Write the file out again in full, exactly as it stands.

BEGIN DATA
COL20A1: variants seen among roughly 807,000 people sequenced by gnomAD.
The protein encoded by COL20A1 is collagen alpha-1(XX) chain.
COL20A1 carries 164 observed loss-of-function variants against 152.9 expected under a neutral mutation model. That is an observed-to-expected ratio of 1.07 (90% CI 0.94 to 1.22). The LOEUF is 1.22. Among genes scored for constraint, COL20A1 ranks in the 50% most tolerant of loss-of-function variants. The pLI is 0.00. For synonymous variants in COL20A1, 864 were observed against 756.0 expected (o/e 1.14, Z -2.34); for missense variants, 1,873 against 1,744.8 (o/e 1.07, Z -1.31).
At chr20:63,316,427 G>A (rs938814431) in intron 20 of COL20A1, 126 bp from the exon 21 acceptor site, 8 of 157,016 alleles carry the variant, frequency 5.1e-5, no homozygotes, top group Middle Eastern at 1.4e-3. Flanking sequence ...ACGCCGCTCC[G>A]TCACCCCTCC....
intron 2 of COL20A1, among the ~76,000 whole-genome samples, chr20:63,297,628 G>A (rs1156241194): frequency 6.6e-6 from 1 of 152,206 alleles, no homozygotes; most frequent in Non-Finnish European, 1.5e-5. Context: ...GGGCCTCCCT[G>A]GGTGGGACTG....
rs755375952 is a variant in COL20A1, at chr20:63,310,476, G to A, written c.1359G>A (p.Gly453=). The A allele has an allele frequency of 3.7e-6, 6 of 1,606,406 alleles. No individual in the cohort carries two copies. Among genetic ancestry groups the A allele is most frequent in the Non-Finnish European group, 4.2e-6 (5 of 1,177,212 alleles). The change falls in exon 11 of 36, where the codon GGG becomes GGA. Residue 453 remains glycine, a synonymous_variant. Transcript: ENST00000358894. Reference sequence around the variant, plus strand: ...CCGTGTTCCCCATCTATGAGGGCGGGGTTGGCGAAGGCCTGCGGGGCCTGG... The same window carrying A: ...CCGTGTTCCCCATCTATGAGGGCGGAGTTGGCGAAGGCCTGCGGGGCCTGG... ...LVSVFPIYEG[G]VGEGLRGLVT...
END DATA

COL20A1: variants seen among roughly 807,000 people sequenced by gnomAD.
The protein encoded by COL20A1 is collagen alpha-1(XX) chain.
COL20A1 carries 164 observed loss-of-function variants against 152.9 expected under a neutral mutation model. That is an observed-to-expected ratio of 1.07 (90% CI 0.94 to 1.22). The LOEUF is 1.22. Among genes scored for constraint, COL20A1 ranks in the 50% most tolerant of loss-of-function variants. The pLI is 0.00. For synonymous variants in COL20A1, 864 were observed against 756.0 expected (o/e 1.14, Z -2.34); for missense variants, 1,873 against 1,744.8 (o/e 1.07, Z -1.31).
At chr20:63,316,427 G>A (rs938814431) in intron 20 of COL20A1, 126 bp from the exon 21 acceptor site, 8 of 157,016 alleles carry the variant, frequency 5.1e-5, no homozygotes, top group Middle Eastern at 1.4e-3. Flanking sequence ...ACGCCGCTCC[G>A]TCACCCCTCC....
intron 2 of COL20A1, among the ~76,000 whole-genome samples, chr20:63,297,628 G>A (rs1156241194): frequency 6.6e-6 from 1 of 152,206 alleles, no homozygotes; most frequent in Non-Finnish European, 1.5e-5. Context: ...GGGCCTCCCT[G>A]GGTGGGACTG....
rs755375952 is a variant in COL20A1, at chr20:63,310,476, G to A, written c.1359G>A (p.Gly453=). The A allele has an allele frequency of 3.7e-6, 6 of 1,606,406 alleles. No individual in the cohort carries two copies. Among genetic ancestry groups the A allele is most frequent in the Non-Finnish European group, 4.2e-6 (5 of 1,177,212 alleles). The change falls in exon 11 of 36, where the codon GGG becomes GGA. Residue 453 remains glycine, a synonymous_variant. Transcript: ENST00000358894. Reference sequence around the variant, plus strand: ...CCGTGTTCCCCATCTATGAGGGCGGGGTTGGCGAAGGCCTGCGGGGCCTGG... The same window carrying A: ...CCGTGTTCCCCATCTATGAGGGCGGAGTTGGCGAAGGCCTGCGGGGCCTGG... ...LVSVFPIYEG[G]VGEGLRGLVT...